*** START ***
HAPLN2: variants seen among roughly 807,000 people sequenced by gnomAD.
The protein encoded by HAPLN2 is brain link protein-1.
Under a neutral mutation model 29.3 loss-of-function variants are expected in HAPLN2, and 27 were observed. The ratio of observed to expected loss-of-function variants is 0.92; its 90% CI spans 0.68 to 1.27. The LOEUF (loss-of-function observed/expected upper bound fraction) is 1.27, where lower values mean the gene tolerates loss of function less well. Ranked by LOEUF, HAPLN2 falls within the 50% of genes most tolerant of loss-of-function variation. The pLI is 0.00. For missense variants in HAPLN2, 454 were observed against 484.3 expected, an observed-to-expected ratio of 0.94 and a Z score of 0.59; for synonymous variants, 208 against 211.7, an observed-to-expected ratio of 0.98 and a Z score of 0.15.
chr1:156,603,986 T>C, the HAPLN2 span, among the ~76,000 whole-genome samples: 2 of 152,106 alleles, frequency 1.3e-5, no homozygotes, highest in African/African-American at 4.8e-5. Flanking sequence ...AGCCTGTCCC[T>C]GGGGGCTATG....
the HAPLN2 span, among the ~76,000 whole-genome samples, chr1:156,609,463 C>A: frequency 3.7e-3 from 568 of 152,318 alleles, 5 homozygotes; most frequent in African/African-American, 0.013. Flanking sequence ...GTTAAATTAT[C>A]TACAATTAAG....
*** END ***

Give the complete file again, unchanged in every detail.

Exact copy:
HAPLN2: variants seen among roughly 807,000 people sequenced by gnomAD.
The protein encoded by HAPLN2 is brain link protein-1.
Under a neutral mutation model 29.3 loss-of-function variants are expected in HAPLN2, and 27 were observed. The ratio of observed to expected loss-of-function variants is 0.92; its 90% CI spans 0.68 to 1.27. The LOEUF (loss-of-function observed/expected upper bound fraction) is 1.27, where lower values mean the gene tolerates loss of function less well. Ranked by LOEUF, HAPLN2 falls within the 50% of genes most tolerant of loss-of-function variation. The pLI is 0.00. For missense variants in HAPLN2, 454 were observed against 484.3 expected, an observed-to-expected ratio of 0.94 and a Z score of 0.59; for synonymous variants, 208 against 211.7, an observed-to-expected ratio of 0.98 and a Z score of 0.15.
chr1:156,603,986 T>C, the HAPLN2 span, among the ~76,000 whole-genome samples: 2 of 152,106 alleles, frequency 1.3e-5, no homozygotes, highest in African/African-American at 4.8e-5. Flanking sequence ...AGCCTGTCCC[T>C]GGGGGCTATG....
the HAPLN2 span, among the ~76,000 whole-genome samples, chr1:156,609,463 C>A: frequency 3.7e-3 from 568 of 152,318 alleles, 5 homozygotes; most frequent in African/African-American, 0.013. Flanking sequence ...GTTAAATTAT[C>A]TACAATTAAG....